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The Meaning of Life


The Meaning of Life

Hello Family,

I hope you’re having a great week. I have been praying for you, that God would respond to you when you seek him and deliver you from all your fears (Psalm 34:4).

On Tuesday evening, I was on my way to Chick-fil-A with my wife and two of our kids, when I started thinking about something other than getting to our destination (which was no surprise to the rest of my family). In other words, I completely spaced out. After we pulled into a parking lot and I started to turn off the engine, my teenage daughter abruptly asked, “Dad, where are we going?” I said, “We’re going to Chick-fil-A for dinner.” To which she replied, “This looks like Kohl’s.” She was being a smart-aleck. It didn’t look like Kohl’s; it was Kohl’s. The bright lights of the K-O-H-L-S sign shone through the windshield like a gibbous moon.

There’s an old story about a Middle-eastern rabbi named, Akiva, who decides one afternoon to venture into his village to gather some food and supplies. After a long spell, as dusk sets in and he heads in the direction of his cottage, his mind starts to wander, he gets distracted, and he ends up taking the wrong path.

Suddenly, he hears a voice through the darkness, asking: “Who are you, and why are you here?”

Surprised by the interrogation, Akiva realized he had strayed from his path and gone into a Roman military post, and the voice had come from a young soldier keeping guard from a tower up above. Nevertheless, being a rabbi, as rabbis often do, Akiva answered the question with another question: “How much do they pay you to stand guard and ask that question of all who approach?” The soldier, comforted by the fact that this was not an intruder but a rabbi, answered humbly, “Four drachmas a week.” At that point, Akiva said to him, “Young man, I will double your pay if you come with me, stand in front of my house, and ask me that question each morning as I begin my day: ‘Who are you, and why are you here?’”

There is a longing in the human heart for a sense of purpose. Who are we? Why are we here? And what have we been placed here to do? Without an answer to those questions, we lose focus.  We drift. And we can easily go astray.

Thankfully, the Bible actually answers that question. “Bring my sons from afar and my daughters from the end of the earth,” the Lord says, “everyone who is called by my name, whom I created for my glory, whom I formed and made” (Isaiah 43:6-7). The Westminster Shorter Catechism summarizes man’s primary purpose this way: Man’s chief end is to glorify and enjoy God forever.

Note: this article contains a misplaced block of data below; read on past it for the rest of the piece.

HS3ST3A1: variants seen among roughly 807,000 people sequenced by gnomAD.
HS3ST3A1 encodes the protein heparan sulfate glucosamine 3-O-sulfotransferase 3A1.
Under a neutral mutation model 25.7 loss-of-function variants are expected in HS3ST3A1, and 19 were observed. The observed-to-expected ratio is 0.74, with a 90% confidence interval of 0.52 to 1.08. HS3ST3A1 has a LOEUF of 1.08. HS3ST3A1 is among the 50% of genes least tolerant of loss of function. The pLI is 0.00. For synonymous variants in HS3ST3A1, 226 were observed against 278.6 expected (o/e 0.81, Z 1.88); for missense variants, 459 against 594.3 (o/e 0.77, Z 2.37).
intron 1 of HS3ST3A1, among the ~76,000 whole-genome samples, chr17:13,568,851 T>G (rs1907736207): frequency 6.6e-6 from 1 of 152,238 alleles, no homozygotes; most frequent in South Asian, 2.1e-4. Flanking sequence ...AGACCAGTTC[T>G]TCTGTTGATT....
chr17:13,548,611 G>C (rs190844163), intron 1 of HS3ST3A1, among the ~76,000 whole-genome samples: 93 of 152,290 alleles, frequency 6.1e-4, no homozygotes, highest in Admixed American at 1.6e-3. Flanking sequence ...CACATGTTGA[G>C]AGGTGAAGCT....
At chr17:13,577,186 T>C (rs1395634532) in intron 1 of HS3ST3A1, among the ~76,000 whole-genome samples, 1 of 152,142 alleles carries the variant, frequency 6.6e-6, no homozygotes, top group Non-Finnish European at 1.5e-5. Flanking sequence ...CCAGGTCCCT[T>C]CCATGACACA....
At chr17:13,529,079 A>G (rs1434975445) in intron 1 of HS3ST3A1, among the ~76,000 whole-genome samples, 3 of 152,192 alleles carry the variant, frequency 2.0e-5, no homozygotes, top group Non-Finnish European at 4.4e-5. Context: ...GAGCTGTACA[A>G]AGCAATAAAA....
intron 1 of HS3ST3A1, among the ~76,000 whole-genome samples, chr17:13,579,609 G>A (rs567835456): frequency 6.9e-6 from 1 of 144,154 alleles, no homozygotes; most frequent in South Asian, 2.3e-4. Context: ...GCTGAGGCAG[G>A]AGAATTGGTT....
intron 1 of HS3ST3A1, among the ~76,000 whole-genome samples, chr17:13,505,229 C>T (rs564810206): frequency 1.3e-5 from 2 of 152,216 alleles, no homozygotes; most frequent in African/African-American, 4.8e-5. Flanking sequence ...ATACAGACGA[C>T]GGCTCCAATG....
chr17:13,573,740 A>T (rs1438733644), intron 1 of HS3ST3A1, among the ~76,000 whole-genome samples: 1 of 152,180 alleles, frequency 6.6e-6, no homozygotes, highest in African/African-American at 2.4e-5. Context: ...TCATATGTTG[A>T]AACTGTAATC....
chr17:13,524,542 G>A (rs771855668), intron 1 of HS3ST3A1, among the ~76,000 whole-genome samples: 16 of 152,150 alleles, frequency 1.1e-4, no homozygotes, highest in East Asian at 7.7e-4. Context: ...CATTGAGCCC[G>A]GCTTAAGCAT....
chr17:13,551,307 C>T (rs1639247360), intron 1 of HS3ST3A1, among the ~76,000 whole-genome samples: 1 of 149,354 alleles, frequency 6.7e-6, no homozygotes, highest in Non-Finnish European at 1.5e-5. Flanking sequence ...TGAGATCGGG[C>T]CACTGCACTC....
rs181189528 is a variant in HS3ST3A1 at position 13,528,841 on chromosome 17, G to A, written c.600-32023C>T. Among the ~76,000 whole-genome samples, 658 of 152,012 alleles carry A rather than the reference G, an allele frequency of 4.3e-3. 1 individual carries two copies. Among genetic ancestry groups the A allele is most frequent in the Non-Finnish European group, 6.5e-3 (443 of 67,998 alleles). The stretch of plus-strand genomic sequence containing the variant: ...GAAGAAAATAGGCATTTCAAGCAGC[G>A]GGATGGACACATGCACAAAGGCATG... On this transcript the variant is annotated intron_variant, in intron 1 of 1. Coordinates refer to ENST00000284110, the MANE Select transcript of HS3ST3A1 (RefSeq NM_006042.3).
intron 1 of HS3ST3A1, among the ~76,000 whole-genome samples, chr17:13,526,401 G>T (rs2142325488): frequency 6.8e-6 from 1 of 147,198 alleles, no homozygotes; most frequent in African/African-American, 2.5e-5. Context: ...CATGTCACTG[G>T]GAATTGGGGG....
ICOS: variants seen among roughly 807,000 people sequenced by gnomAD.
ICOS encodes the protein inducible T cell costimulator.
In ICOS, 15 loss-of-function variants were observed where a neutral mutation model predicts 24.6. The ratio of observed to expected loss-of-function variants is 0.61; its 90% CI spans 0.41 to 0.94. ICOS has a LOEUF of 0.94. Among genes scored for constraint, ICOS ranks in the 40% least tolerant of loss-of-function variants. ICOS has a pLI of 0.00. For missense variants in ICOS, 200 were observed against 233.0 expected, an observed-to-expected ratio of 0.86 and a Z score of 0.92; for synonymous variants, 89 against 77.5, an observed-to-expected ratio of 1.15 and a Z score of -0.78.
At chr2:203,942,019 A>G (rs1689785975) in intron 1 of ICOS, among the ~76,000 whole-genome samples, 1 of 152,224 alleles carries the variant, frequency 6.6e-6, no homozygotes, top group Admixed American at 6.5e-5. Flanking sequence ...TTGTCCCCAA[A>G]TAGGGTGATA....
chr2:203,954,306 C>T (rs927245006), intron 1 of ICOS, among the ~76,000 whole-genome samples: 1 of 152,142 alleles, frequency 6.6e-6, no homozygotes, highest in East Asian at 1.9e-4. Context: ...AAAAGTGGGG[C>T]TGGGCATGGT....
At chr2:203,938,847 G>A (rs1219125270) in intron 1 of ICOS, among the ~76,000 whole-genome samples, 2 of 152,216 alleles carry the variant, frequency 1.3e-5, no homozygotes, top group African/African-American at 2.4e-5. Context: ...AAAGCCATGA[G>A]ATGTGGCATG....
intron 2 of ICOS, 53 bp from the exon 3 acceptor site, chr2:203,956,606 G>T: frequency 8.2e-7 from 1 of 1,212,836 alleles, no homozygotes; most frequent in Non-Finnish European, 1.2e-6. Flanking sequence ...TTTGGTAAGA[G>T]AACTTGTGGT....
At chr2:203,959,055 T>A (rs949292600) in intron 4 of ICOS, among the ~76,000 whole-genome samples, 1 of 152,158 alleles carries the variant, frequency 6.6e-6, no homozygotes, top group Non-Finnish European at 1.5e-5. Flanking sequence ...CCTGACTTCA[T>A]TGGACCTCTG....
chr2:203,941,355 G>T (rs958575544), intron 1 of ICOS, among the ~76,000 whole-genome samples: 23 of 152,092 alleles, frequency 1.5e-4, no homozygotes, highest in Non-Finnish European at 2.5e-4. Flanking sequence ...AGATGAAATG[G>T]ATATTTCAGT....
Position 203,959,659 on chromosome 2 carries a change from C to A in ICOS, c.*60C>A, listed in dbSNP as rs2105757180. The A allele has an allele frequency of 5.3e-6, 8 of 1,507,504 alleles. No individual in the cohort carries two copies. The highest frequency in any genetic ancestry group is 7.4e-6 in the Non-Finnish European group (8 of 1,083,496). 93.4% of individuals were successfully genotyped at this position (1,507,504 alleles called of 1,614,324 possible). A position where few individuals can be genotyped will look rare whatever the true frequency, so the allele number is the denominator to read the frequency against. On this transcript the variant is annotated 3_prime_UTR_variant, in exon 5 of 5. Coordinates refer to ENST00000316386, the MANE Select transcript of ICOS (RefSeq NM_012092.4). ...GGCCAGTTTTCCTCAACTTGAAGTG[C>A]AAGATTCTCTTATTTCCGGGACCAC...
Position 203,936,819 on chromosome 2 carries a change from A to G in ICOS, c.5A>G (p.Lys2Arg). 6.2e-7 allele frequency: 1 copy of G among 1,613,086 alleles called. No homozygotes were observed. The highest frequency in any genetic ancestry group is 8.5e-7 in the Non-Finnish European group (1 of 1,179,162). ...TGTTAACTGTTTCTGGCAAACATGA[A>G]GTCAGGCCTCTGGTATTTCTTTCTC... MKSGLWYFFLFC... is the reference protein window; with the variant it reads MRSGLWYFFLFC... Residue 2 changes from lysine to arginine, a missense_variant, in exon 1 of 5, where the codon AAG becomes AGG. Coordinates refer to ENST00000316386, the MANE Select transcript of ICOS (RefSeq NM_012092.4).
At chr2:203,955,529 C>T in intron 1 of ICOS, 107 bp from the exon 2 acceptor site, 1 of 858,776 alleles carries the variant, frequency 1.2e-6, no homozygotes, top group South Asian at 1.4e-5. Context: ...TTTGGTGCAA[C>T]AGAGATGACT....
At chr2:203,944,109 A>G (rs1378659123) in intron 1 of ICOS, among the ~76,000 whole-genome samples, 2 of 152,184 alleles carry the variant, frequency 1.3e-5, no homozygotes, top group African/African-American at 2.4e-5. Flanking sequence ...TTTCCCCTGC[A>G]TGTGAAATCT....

We exist to glorify God. The glory of God is the weight, the devastating beauty, of his manifold perfections. God’s glory is so intense that no one can look at him and live. And we can’t do anything to add to or take away from God’s glory. He’s God; God doesn’t need us to become more glorious. But we can reflect his glory. And whenever we accentuate, or point to God’s perfect attributes—his holiness, love, power, grace, knowledge, mercy, benevolence, etc.—we actually display God’s glory.

That all sounds very ethereal, so let me illustrate: When a husband loves his wife sacrificially, he mirrors, albeit imperfectly, God’s love for his people, and thereby glorifies God. When a man designs a new building with excellence and ingenuity, he displays something of the creativity of God, and glorifies his Maker. When a girl speaks up for a kid with special needs at school, she showcases the justice of her Creator, and thereby glorifies God. We could go on and on. The Scriptures tell us that we glorify God when we obey him, praise him, receive his gifts with thanksgiving, stand up for his truths, or evangelize the lost (among other things). Anything we do that makes much of God and his divine attributes glorifies him.

Likewise, we exist to enjoy God. This we do by cherishing and resting in the relationship made possible through faith in the work of his Son. As the Puritan, Thomas Watson, wrote, using words that may sound strange to us, “God is a delicious good. That which is the chief good must ravish the soul with pleasure; there must be in it rapturous delight and quintessence of joy. The love of God drops such infinite suavity into the soul as is unspeakable and full of glory.” In other words, to know God deeply and intimately, through his Son, is to enjoy him for who he is: The one who satisfies our deepest longings.

If you are in Christ, God loves you deeply and immeasurably. He will not abandon you when you are forced into the pit.  He draws closer.  It may not feel that way. You may not even believe it, but it is the truest truth. He will never forsake you. In fact, he rejected his own Son so that you could be fully accepted and received. He is forever good.

Again, in the words of Watson (my paraphrase): “O Christian, do you not enjoy yourself, do fears disquiet you, desires haunt you? In the day can you find no peace, in the night can you not sleep; do you find no comfort in your life? Let this revive you: God is here and he desires to commune with you. Find purpose in the pursuit of his glory. Find enjoyment in the delight of his presence.” May God enable us to do so.

With joy,

Pastor John